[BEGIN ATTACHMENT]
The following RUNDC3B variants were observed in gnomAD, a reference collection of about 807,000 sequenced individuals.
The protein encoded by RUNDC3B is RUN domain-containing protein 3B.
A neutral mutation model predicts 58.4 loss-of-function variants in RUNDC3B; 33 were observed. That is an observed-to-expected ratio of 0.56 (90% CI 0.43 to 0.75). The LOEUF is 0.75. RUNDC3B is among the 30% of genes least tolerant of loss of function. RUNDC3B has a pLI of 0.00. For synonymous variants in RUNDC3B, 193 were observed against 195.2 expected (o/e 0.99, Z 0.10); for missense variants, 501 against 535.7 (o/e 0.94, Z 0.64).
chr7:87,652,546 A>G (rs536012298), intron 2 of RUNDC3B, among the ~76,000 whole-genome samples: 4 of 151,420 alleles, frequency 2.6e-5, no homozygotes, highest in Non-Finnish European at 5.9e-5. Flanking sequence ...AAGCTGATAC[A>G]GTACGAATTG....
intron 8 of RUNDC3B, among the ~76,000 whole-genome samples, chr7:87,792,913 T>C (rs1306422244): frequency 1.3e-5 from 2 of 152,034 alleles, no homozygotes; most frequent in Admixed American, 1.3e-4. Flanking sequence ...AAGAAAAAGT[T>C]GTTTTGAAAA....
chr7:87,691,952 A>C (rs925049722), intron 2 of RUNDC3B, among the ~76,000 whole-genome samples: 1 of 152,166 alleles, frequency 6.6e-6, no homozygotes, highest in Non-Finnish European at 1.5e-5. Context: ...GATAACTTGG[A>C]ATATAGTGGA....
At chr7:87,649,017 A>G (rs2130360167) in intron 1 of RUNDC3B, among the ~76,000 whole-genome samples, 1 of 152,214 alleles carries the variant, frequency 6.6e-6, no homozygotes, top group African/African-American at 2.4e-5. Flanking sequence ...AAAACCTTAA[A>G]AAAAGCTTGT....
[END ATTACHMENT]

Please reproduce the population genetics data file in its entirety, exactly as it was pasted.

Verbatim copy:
The following RUNDC3B variants were observed in gnomAD, a reference collection of about 807,000 sequenced individuals.
The protein encoded by RUNDC3B is RUN domain-containing protein 3B.
A neutral mutation model predicts 58.4 loss-of-function variants in RUNDC3B; 33 were observed. That is an observed-to-expected ratio of 0.56 (90% CI 0.43 to 0.75). The LOEUF is 0.75. RUNDC3B is among the 30% of genes least tolerant of loss of function. RUNDC3B has a pLI of 0.00. For synonymous variants in RUNDC3B, 193 were observed against 195.2 expected (o/e 0.99, Z 0.10); for missense variants, 501 against 535.7 (o/e 0.94, Z 0.64).
chr7:87,652,546 A>G (rs536012298), intron 2 of RUNDC3B, among the ~76,000 whole-genome samples: 4 of 151,420 alleles, frequency 2.6e-5, no homozygotes, highest in Non-Finnish European at 5.9e-5. Flanking sequence ...AAGCTGATAC[A>G]GTACGAATTG....
intron 8 of RUNDC3B, among the ~76,000 whole-genome samples, chr7:87,792,913 T>C (rs1306422244): frequency 1.3e-5 from 2 of 152,034 alleles, no homozygotes; most frequent in Admixed American, 1.3e-4. Flanking sequence ...AAGAAAAAGT[T>C]GTTTTGAAAA....
chr7:87,691,952 A>C (rs925049722), intron 2 of RUNDC3B, among the ~76,000 whole-genome samples: 1 of 152,166 alleles, frequency 6.6e-6, no homozygotes, highest in Non-Finnish European at 1.5e-5. Context: ...GATAACTTGG[A>C]ATATAGTGGA....
At chr7:87,649,017 A>G (rs2130360167) in intron 1 of RUNDC3B, among the ~76,000 whole-genome samples, 1 of 152,214 alleles carries the variant, frequency 6.6e-6, no homozygotes, top group African/African-American at 2.4e-5. Flanking sequence ...AAAACCTTAA[A>G]AAAAGCTTGT....